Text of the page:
The severity of the application, from mere denials and stigmatization, to outright firing, depended on the public servant in charge and his desire to please in upper echelons. Some ministries and institutions were much more touched than others. One of the worst offenders has been PDVSA where if any or your close relatives signed against Chavez you are banned from job application, or subcontracting. Entering into PDVSA this day is a long screening and once inside you are subject to dismisal if suddenly you are found associated with "undesirable activities" or something like that. A problem in Venezuela as PDVSA is one of the main employers and a big contracting agency (contractors and their personnel are also subjected to such abuses). I know personally of three cases. The movie will acquaint you with many other such cases, from PDVSA, FOGADE and more. You will see and hear all of these people tell you their story, from the lucid ones who have decided to follow the paths of justice come what may, to those who have become almost wrecks of their former selves. Quite a contrast with the clips from public "servants" and their lies. An abject lesson for all of us.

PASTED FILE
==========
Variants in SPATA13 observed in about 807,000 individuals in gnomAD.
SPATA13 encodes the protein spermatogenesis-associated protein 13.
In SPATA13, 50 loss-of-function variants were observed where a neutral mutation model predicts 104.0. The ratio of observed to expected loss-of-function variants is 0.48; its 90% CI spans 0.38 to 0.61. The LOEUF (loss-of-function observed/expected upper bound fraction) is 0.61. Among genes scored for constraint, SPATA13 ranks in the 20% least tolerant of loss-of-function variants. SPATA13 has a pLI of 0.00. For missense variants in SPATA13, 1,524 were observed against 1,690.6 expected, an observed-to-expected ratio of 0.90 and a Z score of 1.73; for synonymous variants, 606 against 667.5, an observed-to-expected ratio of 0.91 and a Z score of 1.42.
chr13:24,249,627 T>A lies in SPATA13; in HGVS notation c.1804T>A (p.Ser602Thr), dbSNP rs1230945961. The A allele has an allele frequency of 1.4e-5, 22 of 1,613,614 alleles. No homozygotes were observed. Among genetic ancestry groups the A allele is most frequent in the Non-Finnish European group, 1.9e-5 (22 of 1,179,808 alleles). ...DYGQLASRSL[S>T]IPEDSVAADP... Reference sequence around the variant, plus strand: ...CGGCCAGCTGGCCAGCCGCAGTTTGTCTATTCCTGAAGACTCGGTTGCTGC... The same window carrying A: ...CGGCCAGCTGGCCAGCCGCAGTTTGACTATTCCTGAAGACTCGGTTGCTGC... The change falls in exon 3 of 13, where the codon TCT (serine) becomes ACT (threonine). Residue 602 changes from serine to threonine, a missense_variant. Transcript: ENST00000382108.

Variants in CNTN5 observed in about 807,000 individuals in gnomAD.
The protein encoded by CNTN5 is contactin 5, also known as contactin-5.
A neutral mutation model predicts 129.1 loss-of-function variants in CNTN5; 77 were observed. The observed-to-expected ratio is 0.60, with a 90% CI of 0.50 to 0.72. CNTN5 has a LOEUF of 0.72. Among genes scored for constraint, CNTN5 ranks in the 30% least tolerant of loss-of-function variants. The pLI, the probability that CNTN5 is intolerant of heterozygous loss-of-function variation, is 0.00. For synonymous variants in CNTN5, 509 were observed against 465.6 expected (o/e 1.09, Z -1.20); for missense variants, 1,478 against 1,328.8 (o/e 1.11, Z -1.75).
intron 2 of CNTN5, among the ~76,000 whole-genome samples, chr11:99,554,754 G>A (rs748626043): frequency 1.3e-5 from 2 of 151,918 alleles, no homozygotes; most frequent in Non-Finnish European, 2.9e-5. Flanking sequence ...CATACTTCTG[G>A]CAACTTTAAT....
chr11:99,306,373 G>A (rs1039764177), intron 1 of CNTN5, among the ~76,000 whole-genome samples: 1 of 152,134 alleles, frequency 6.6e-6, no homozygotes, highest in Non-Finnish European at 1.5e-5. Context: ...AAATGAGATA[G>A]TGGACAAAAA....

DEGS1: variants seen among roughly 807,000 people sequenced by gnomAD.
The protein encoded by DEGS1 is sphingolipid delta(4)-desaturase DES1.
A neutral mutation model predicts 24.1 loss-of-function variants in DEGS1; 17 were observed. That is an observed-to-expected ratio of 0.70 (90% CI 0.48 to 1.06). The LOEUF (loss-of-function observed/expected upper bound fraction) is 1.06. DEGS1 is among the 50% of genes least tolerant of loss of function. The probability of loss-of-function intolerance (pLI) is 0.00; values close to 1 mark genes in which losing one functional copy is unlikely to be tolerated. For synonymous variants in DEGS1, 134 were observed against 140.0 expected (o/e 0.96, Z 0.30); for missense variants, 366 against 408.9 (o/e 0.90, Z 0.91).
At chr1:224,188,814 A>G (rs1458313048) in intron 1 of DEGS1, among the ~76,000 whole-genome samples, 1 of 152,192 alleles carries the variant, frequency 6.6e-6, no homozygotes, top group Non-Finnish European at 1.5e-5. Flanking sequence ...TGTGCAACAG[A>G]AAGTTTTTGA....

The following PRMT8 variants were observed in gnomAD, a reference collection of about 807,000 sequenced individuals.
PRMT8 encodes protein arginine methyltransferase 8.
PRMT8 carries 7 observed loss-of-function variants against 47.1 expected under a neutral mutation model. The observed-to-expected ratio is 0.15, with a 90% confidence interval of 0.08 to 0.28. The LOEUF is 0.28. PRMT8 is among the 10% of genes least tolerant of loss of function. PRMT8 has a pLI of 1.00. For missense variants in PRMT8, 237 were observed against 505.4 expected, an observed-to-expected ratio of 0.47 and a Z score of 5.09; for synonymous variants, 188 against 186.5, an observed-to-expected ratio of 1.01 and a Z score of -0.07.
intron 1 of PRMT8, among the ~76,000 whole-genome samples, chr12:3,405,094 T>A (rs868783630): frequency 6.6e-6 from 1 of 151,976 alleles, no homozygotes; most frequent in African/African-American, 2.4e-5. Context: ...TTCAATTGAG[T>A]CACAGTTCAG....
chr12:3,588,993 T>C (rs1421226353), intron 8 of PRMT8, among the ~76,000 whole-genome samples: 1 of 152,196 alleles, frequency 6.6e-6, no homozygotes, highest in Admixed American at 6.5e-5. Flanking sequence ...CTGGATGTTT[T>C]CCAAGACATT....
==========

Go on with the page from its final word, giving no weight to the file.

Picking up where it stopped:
La Lista does a good job, an excellent job, to remind us of all of these high moments during the signature collection process. It also does a particularly fantastic job in finding the quotes in from the different videos of Chavez himself. There he gives diverse announcements showing his knowledge of the existence and of the use of the segregation list. Put together, the evidence cannot be denied and any democrat must shiver at the idea of what else would this president do in the future if he allowed such a horror to hold onto power at any cost.

And one cannot fail to add that to the threat of the Tascon List, outright violence was offered by supporters of Chavez such as Lina Ron below. They knew who you were and where you lived, and that was scary alright at the time to decide to go and sign anyway.

Lina Ron, by the way, was one of the main organizers of the violence that was present at the very first time the opposition tried to submit a consultative referendum, promptly annuled by the high court. Below the arrival of these boxes with tear gas clad carriers. Those images were carried in all minds one year later when we had to go and stamp our signatures.